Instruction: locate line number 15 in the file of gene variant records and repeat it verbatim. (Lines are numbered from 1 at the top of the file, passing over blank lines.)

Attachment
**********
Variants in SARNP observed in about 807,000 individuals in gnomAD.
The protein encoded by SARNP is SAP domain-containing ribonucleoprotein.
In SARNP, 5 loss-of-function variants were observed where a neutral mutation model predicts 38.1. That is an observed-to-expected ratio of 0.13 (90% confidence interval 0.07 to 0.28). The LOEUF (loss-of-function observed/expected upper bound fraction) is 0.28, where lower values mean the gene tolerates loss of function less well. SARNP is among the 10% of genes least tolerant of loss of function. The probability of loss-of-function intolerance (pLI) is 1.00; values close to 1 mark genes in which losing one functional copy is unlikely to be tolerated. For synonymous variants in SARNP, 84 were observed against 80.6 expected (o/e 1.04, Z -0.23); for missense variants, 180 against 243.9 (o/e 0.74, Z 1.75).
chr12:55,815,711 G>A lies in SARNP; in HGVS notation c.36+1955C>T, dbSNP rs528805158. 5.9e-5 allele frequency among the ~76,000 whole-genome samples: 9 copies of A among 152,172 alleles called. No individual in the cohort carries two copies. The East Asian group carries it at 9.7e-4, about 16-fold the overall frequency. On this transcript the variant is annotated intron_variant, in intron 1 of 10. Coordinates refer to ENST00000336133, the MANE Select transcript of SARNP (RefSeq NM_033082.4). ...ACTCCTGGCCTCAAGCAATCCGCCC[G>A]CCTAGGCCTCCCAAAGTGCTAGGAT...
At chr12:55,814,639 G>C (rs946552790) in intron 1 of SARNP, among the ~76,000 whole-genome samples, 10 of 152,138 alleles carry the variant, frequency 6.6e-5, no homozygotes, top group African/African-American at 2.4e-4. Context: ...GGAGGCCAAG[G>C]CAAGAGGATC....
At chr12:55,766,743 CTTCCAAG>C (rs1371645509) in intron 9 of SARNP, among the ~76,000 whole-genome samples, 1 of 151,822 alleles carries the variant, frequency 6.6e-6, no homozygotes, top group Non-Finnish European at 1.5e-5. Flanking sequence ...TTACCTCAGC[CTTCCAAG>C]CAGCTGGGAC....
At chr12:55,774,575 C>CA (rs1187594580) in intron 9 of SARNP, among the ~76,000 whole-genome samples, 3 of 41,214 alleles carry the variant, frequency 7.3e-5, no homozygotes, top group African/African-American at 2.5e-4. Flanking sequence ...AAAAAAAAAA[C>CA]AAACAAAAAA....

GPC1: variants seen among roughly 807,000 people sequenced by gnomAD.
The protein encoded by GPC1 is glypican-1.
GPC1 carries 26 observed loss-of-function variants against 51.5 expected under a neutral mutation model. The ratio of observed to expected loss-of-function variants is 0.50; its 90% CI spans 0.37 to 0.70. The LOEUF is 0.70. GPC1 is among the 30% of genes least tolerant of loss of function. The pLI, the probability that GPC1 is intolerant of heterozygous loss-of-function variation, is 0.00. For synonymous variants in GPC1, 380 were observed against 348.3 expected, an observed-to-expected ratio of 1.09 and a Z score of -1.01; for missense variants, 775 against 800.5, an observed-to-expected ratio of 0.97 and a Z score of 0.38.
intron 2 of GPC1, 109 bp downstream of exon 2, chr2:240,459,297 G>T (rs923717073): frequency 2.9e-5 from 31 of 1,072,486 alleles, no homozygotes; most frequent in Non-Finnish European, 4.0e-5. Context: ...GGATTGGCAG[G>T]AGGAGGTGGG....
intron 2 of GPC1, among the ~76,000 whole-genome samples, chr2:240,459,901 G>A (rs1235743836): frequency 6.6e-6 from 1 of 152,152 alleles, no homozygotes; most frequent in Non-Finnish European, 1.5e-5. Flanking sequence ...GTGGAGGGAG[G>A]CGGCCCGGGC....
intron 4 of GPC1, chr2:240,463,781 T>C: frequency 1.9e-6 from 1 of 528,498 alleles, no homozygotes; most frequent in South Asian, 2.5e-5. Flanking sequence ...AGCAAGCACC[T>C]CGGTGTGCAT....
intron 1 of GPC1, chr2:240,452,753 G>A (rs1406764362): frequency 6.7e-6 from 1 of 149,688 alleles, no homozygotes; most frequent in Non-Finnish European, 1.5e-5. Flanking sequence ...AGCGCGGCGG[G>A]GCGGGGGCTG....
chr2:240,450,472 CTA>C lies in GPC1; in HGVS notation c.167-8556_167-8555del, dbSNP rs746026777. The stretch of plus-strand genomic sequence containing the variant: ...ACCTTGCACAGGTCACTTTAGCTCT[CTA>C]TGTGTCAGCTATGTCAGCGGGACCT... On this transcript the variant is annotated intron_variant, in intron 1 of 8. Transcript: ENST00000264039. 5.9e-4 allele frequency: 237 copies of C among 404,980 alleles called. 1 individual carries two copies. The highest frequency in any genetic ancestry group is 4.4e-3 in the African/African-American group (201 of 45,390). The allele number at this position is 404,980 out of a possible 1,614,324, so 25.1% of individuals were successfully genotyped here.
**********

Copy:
chr2:240,450,472 CTA>C lies in GPC1; in HGVS notation c.167-8556_167-8555del, dbSNP rs746026777. The stretch of plus-strand genomic sequence containing the variant: ...ACCTTGCACAGGTCACTTTAGCTCT[CTA>C]TGTGTCAGCTATGTCAGCGGGACCT... On this transcript the variant is annotated intron_variant, in intron 1 of 8. Transcript: ENST00000264039. 5.9e-4 allele frequency: 237 copies of C among 404,980 alleles called. 1 individual carries two copies. The highest frequency in any genetic ancestry group is 4.4e-3 in the African/African-American group (201 of 45,390). The allele number at this position is 404,980 out of a possible 1,614,324, so 25.1% of individuals were successfully genotyped here.